Famous Wax-dyeing Craft
The wax-dyeing craft of the Buyi people has been famous for a long time. Even in Song Dynasty, records had it that wax-dyeing cloth was produced in Huishui, Guizhou province. In the historical book in Qing Dynasty, the so-called "cyanine glower cloth" was indeed wax-dyed cloth. From 12 or 13 years old, Buyi ladies will learn from their mothers the wax-dyeing craft. First, the sweet wax is heated into liquid, and then they will dip into the liquid with bronze triangle-shaped wax knives and carefully paint all kinds of beautiful and vivid pictures on white self-made cloth. After that, the cloth will be immersed in the van full of blue dyestuff. At last, the dyed cloth will be thrown in the cauldron and the sweet wax will be boiled off. Then the cloth will also be washed several times in river. When it is finally dried, the wax-dyed craftwork with special features is produced.
The finished wax-dyed cloth has rich and simple patterns and the drawings are vigorous and luxurious. The pattern holds special veins (also called little waves), the artistic features of which the machines are not to compete with.
The style of wax-dyeing craft vary from place to place: some products favor the pattern of flowers, birds, insects and fishes with bold designs and vivid images; some are featured with careful structure and fine details; some get the inspiration from dragon-claw flowers with bold and bright color¡ The wax-dyeing craft has not only refined people's life, but also enriched the style of women's garments both domestic and abroad.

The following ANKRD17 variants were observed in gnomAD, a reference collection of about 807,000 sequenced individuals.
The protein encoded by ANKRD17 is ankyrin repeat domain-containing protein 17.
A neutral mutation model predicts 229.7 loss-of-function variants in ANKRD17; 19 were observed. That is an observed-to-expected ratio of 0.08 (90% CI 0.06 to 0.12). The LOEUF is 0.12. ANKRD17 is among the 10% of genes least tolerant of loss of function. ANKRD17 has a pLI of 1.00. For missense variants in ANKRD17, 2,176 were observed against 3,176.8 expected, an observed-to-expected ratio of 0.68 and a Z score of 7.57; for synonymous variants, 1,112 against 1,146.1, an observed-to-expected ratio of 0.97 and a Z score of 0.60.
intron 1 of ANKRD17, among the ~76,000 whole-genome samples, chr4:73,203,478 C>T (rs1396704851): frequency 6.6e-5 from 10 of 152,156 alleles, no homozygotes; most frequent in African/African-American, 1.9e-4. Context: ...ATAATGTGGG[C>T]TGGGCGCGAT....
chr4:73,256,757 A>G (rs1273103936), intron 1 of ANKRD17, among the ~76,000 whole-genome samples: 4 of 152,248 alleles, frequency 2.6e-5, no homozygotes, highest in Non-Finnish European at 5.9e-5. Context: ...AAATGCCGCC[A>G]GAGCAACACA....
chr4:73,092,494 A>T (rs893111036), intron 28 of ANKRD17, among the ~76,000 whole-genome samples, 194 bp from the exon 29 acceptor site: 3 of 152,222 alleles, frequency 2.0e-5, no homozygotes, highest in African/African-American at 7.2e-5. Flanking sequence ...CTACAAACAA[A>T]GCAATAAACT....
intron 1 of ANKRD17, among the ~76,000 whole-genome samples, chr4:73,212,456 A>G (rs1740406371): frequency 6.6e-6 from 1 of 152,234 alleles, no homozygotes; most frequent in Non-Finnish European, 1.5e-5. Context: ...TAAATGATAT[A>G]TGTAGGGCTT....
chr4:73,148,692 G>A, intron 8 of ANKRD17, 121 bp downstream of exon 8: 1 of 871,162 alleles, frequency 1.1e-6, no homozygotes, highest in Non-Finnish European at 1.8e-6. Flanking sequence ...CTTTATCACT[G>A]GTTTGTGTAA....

During the recent 20 years, several dyeing factories have been established with specialized art designers creating and drafting new pictures. Various kinds of people and animal images have appeared and colors are used in a more diversified manner.
The wax-dyed cloth is mostly used for making women's shawl, gowns, aprons and bed covers, portieres, curtains and so on. Some with high artistic features and intricate patterns will also be used as art hangings to decorate sitting rooms and hotels. Some Buyi women also knit embroidery on the wax-dyed gowns, which make them more charming.
Besides wax-dying craft, the traditional fold crafts of the Buyi people also include tie-dyeing, brocade, embroidery, woodcarving, sculpture and bamboo-weaving etc.
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